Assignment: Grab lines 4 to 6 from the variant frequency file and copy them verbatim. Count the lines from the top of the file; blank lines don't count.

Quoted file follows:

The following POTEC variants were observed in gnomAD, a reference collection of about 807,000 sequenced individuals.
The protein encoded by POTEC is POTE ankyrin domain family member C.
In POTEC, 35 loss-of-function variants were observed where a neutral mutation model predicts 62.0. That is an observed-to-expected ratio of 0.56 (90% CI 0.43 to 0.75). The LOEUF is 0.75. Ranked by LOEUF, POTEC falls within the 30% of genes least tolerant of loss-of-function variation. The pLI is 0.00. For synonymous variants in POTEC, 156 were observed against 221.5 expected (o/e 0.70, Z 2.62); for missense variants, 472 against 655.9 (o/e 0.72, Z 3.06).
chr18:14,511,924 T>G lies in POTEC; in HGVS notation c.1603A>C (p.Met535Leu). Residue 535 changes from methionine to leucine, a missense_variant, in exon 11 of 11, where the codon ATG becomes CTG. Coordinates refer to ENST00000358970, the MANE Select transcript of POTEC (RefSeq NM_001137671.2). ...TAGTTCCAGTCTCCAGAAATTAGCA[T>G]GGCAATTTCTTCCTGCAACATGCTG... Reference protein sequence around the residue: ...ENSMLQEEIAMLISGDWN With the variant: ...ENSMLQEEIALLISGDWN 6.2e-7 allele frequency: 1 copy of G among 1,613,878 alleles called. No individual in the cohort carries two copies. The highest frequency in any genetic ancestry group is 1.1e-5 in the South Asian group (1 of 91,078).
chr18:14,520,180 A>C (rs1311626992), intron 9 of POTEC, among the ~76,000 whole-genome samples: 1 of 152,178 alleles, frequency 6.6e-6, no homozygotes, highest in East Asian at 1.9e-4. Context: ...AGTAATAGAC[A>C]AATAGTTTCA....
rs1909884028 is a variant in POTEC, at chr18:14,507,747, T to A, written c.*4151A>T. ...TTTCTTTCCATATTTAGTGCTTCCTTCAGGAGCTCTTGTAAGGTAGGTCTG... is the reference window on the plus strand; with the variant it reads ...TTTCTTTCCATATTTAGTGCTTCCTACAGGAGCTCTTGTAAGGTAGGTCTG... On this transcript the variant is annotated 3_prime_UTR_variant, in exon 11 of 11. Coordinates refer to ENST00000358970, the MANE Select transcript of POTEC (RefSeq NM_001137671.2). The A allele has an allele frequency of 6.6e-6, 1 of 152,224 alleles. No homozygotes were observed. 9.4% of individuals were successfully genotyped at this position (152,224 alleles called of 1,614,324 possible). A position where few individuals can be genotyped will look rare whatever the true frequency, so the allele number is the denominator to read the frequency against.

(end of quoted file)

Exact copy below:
chr18:14,511,924 T>G lies in POTEC; in HGVS notation c.1603A>C (p.Met535Leu). Residue 535 changes from methionine to leucine, a missense_variant, in exon 11 of 11, where the codon ATG becomes CTG. Coordinates refer to ENST00000358970, the MANE Select transcript of POTEC (RefSeq NM_001137671.2). ...TAGTTCCAGTCTCCAGAAATTAGCA[T>G]GGCAATTTCTTCCTGCAACATGCTG... Reference protein sequence around the residue: ...ENSMLQEEIAMLISGDWN With the variant: ...ENSMLQEEIALLISGDWN 6.2e-7 allele frequency: 1 copy of G among 1,613,878 alleles called. No individual in the cohort carries two copies. The highest frequency in any genetic ancestry group is 1.1e-5 in the South Asian group (1 of 91,078).
chr18:14,520,180 A>C (rs1311626992), intron 9 of POTEC, among the ~76,000 whole-genome samples: 1 of 152,178 alleles, frequency 6.6e-6, no homozygotes, highest in East Asian at 1.9e-4. Context: ...AGTAATAGAC[A>C]AATAGTTTCA....
rs1909884028 is a variant in POTEC, at chr18:14,507,747, T to A, written c.*4151A>T. ...TTTCTTTCCATATTTAGTGCTTCCTTCAGGAGCTCTTGTAAGGTAGGTCTG... is the reference window on the plus strand; with the variant it reads ...TTTCTTTCCATATTTAGTGCTTCCTACAGGAGCTCTTGTAAGGTAGGTCTG... On this transcript the variant is annotated 3_prime_UTR_variant, in exon 11 of 11. Coordinates refer to ENST00000358970, the MANE Select transcript of POTEC (RefSeq NM_001137671.2). The A allele has an allele frequency of 6.6e-6, 1 of 152,224 alleles. No homozygotes were observed. 9.4% of individuals were successfully genotyped at this position (152,224 alleles called of 1,614,324 possible). A position where few individuals can be genotyped will look rare whatever the true frequency, so the allele number is the denominator to read the frequency against.